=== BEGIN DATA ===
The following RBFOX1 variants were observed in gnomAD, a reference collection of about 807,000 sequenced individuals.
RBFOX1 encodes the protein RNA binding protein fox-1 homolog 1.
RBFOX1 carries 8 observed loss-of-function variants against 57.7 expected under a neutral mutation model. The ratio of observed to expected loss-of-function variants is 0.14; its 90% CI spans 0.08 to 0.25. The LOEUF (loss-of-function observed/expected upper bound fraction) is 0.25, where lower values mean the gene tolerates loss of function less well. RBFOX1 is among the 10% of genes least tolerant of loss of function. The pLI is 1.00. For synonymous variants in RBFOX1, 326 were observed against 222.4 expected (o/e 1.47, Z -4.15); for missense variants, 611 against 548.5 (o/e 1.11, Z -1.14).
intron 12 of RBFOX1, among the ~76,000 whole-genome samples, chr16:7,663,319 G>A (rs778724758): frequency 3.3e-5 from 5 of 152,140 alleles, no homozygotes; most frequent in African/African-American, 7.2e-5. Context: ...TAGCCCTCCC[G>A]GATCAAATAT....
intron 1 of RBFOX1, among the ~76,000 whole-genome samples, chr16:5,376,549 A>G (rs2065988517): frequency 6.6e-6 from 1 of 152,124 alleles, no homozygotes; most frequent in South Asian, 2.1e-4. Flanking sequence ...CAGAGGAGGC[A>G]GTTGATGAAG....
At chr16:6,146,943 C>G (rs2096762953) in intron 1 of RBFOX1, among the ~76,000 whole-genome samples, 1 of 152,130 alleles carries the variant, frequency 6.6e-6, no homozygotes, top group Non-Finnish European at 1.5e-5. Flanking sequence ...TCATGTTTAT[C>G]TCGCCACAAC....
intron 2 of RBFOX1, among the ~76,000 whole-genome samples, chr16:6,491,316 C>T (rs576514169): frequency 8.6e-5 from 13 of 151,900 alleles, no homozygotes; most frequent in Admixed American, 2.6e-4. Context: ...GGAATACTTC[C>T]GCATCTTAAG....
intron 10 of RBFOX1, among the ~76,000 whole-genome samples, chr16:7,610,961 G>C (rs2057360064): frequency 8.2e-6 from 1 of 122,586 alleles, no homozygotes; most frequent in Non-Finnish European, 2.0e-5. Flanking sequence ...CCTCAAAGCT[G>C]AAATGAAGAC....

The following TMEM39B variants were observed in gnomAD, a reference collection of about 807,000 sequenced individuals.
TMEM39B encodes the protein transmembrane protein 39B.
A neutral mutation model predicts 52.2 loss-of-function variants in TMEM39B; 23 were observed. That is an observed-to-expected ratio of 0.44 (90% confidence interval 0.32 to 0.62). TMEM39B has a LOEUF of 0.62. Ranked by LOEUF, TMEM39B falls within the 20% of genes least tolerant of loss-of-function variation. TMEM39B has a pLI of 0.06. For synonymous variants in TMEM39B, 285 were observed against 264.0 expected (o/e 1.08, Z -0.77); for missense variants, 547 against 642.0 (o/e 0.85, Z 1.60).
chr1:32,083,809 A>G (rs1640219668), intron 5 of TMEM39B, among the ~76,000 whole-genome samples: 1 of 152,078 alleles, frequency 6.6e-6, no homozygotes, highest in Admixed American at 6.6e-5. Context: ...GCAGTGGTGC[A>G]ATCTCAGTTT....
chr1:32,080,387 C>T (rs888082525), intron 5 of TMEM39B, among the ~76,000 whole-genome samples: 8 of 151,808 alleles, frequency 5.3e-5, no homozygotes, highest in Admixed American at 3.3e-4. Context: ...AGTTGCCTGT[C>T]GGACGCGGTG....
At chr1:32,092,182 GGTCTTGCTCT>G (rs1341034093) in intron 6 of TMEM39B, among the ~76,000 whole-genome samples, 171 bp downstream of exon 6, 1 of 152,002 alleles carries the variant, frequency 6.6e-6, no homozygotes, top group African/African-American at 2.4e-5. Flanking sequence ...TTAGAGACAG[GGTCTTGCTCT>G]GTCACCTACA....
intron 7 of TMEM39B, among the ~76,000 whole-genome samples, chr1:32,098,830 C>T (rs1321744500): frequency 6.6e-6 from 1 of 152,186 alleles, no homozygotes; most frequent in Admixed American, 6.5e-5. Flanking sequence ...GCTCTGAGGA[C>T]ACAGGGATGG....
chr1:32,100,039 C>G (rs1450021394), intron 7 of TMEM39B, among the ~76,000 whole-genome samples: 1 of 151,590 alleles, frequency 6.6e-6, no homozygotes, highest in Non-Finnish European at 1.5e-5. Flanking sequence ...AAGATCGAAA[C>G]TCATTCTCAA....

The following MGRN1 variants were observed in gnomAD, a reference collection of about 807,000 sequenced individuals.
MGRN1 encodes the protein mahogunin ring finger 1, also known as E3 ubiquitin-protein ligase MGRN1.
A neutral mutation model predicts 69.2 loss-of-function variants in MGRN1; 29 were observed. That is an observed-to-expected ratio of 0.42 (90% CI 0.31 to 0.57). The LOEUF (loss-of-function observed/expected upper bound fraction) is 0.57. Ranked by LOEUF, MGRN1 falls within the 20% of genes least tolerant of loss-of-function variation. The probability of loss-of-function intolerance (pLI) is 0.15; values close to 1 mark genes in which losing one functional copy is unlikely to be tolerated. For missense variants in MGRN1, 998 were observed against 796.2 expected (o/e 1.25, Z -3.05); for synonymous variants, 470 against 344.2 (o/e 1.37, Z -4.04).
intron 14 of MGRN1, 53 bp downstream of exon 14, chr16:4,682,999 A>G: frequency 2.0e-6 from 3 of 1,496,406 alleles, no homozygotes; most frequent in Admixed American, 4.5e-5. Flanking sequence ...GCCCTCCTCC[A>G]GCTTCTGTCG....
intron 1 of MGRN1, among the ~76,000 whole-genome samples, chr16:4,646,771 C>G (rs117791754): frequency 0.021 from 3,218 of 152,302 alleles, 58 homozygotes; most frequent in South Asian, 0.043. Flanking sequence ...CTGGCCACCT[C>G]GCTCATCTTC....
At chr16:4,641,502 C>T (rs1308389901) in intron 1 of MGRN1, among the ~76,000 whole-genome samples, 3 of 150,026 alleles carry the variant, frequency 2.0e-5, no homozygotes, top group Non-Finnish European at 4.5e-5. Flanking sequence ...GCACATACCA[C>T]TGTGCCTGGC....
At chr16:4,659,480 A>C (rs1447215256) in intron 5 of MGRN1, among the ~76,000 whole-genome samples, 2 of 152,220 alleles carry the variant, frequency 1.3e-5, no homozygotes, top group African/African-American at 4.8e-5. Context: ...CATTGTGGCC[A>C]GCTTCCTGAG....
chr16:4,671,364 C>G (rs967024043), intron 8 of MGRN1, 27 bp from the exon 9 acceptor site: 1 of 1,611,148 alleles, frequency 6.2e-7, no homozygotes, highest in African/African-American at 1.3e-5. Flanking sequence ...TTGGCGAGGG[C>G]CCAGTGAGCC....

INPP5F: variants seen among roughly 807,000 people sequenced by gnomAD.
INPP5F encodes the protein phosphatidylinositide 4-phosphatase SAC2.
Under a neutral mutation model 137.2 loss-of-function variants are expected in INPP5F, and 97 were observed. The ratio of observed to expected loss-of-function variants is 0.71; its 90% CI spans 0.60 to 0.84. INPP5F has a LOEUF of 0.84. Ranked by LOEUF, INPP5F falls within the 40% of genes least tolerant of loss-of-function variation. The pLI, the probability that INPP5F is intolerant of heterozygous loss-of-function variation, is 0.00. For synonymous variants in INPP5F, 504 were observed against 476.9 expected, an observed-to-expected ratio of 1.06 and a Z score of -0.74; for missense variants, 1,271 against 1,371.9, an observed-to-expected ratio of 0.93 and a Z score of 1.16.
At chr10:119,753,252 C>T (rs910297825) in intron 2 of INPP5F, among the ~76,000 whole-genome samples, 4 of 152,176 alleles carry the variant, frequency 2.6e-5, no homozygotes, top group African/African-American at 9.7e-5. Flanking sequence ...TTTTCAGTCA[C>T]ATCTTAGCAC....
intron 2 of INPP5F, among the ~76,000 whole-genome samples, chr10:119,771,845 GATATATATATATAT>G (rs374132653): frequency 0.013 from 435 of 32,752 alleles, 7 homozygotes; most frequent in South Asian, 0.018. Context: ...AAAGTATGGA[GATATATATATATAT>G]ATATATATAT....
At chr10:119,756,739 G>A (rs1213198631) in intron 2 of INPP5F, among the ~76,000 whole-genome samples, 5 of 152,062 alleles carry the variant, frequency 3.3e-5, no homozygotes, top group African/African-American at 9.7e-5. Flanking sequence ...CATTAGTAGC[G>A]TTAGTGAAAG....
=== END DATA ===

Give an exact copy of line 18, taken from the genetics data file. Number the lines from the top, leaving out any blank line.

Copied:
MGRN1 encodes the protein mahogunin ring finger 1, also known as E3 ubiquitin-protein ligase MGRN1.